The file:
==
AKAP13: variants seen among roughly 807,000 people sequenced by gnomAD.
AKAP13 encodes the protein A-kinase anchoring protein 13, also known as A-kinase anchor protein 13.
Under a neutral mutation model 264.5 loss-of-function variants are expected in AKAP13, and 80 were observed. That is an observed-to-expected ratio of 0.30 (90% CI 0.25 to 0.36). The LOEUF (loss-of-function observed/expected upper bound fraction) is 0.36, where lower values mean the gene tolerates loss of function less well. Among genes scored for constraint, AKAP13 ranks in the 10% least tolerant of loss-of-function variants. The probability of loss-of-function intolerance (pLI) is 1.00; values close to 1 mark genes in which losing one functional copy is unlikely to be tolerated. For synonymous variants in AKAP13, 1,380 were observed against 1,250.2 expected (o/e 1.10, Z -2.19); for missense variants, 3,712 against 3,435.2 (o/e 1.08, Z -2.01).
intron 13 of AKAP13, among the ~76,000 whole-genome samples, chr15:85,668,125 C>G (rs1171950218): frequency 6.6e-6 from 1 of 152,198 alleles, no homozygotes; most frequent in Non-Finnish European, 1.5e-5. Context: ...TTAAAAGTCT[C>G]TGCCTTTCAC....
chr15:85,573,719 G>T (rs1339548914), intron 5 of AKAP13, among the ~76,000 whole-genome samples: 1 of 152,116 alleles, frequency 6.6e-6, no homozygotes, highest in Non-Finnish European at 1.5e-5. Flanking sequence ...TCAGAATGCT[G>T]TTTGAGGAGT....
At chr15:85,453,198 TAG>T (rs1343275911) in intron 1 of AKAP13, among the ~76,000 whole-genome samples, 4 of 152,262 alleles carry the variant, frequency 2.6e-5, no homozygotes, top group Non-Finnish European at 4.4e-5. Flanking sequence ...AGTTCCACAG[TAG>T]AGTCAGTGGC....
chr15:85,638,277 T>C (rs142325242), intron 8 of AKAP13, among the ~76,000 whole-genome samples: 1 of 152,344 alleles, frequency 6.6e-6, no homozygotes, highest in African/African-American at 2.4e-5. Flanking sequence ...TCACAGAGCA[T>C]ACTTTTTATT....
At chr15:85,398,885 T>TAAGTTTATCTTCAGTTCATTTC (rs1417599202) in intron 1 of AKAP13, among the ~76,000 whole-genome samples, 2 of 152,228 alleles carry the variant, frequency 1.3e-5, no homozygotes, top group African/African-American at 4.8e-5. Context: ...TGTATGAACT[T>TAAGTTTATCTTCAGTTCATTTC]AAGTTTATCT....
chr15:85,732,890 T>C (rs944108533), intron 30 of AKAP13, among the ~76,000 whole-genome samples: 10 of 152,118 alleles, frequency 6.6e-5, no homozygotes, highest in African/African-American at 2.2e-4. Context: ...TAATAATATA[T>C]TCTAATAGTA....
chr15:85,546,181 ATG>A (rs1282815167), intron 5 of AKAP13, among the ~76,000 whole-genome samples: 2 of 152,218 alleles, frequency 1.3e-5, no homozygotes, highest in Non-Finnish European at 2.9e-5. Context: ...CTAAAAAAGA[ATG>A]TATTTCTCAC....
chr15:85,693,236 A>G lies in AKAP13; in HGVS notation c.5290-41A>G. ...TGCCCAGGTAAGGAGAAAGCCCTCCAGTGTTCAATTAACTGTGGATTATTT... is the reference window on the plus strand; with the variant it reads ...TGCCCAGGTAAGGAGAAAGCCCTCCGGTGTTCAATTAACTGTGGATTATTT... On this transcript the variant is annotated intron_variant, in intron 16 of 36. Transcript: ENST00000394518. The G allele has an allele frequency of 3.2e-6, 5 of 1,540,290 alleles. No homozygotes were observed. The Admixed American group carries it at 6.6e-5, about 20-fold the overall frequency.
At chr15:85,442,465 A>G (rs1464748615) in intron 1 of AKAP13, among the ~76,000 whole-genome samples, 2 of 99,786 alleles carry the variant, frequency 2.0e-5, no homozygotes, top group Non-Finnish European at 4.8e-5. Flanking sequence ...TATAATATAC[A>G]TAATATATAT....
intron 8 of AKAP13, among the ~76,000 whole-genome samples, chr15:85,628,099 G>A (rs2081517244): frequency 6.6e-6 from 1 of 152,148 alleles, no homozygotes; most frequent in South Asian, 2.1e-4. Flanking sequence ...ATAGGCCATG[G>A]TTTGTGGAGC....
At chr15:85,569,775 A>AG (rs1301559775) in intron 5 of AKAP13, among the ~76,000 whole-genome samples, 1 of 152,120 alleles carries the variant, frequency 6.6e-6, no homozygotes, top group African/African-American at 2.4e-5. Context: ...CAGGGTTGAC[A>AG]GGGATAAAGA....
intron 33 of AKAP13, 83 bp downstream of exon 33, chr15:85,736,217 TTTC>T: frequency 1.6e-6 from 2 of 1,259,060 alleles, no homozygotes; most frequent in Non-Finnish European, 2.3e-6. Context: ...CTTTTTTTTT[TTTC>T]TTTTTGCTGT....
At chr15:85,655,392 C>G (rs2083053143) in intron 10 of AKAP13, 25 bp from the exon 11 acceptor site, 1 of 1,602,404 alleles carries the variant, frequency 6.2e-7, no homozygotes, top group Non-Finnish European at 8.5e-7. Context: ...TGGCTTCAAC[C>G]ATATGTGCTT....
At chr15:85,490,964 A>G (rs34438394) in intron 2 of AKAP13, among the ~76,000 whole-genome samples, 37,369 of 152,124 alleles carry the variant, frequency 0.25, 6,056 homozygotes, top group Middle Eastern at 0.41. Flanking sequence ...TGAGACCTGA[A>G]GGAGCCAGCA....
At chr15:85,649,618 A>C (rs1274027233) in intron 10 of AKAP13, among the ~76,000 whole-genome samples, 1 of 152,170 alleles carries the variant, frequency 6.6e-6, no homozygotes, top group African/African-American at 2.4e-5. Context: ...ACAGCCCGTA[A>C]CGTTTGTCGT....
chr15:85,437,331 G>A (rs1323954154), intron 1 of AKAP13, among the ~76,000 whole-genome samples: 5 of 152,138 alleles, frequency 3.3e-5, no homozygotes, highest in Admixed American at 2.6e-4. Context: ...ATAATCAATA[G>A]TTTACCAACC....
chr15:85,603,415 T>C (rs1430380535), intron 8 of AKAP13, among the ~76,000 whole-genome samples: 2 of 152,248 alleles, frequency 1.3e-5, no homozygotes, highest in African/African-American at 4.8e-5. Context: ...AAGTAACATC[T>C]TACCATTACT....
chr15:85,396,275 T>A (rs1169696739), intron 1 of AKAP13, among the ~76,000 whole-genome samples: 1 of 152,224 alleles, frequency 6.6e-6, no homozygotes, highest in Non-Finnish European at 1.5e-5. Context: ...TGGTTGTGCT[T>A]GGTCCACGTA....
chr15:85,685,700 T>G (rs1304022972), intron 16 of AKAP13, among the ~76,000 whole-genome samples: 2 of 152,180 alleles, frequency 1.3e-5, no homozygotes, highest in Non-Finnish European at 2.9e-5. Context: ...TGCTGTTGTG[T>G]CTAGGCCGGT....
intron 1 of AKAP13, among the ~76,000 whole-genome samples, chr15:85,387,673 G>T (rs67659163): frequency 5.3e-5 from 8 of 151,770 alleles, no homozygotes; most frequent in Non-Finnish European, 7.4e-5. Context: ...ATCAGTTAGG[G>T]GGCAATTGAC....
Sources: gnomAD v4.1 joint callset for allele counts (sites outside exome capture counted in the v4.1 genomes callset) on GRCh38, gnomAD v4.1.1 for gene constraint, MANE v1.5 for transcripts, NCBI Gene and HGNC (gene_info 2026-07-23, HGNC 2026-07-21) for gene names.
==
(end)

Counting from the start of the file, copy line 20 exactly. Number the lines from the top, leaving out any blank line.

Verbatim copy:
chr15:85,603,415 T>C (rs1430380535), intron 8 of AKAP13, among the ~76,000 whole-genome samples: 2 of 152,248 alleles, frequency 1.3e-5, no homozygotes, highest in African/African-American at 4.8e-5. Context: ...AAGTAACATC[T>C]TACCATTACT....